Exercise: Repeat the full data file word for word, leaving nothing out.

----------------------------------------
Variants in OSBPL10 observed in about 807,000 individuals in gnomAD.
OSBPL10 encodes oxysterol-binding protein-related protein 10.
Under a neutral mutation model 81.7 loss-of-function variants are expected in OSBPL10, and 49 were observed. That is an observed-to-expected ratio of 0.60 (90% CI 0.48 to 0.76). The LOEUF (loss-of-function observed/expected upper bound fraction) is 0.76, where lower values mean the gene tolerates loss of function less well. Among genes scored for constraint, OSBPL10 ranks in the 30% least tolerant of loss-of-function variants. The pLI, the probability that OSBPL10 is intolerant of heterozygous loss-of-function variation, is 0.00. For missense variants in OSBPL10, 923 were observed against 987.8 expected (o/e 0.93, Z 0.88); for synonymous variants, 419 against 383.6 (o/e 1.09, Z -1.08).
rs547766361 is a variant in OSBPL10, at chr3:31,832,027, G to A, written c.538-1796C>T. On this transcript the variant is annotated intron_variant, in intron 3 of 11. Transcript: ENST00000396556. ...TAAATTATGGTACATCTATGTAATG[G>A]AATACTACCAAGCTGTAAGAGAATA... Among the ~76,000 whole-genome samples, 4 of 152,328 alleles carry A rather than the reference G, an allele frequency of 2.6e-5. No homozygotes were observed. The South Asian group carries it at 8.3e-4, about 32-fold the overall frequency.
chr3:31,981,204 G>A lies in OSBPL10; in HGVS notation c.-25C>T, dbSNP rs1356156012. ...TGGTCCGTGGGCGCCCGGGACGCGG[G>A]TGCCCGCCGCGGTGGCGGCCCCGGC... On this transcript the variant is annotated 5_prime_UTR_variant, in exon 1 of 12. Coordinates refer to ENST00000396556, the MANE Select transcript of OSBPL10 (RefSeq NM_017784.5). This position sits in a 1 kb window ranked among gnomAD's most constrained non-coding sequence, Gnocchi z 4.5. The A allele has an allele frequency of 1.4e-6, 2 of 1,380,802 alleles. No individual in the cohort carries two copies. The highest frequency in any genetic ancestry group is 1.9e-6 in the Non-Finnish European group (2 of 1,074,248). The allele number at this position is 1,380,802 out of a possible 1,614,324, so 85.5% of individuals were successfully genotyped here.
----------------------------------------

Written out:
Variants in OSBPL10 observed in about 807,000 individuals in gnomAD.
OSBPL10 encodes oxysterol-binding protein-related protein 10.
Under a neutral mutation model 81.7 loss-of-function variants are expected in OSBPL10, and 49 were observed. That is an observed-to-expected ratio of 0.60 (90% CI 0.48 to 0.76). The LOEUF (loss-of-function observed/expected upper bound fraction) is 0.76, where lower values mean the gene tolerates loss of function less well. Among genes scored for constraint, OSBPL10 ranks in the 30% least tolerant of loss-of-function variants. The pLI, the probability that OSBPL10 is intolerant of heterozygous loss-of-function variation, is 0.00. For missense variants in OSBPL10, 923 were observed against 987.8 expected (o/e 0.93, Z 0.88); for synonymous variants, 419 against 383.6 (o/e 1.09, Z -1.08).
rs547766361 is a variant in OSBPL10, at chr3:31,832,027, G to A, written c.538-1796C>T. On this transcript the variant is annotated intron_variant, in intron 3 of 11. Transcript: ENST00000396556. ...TAAATTATGGTACATCTATGTAATG[G>A]AATACTACCAAGCTGTAAGAGAATA... Among the ~76,000 whole-genome samples, 4 of 152,328 alleles carry A rather than the reference G, an allele frequency of 2.6e-5. No homozygotes were observed. The South Asian group carries it at 8.3e-4, about 32-fold the overall frequency.
chr3:31,981,204 G>A lies in OSBPL10; in HGVS notation c.-25C>T, dbSNP rs1356156012. ...TGGTCCGTGGGCGCCCGGGACGCGG[G>A]TGCCCGCCGCGGTGGCGGCCCCGGC... On this transcript the variant is annotated 5_prime_UTR_variant, in exon 1 of 12. Coordinates refer to ENST00000396556, the MANE Select transcript of OSBPL10 (RefSeq NM_017784.5). This position sits in a 1 kb window ranked among gnomAD's most constrained non-coding sequence, Gnocchi z 4.5. The A allele has an allele frequency of 1.4e-6, 2 of 1,380,802 alleles. No individual in the cohort carries two copies. The highest frequency in any genetic ancestry group is 1.9e-6 in the Non-Finnish European group (2 of 1,074,248). The allele number at this position is 1,380,802 out of a possible 1,614,324, so 85.5% of individuals were successfully genotyped here.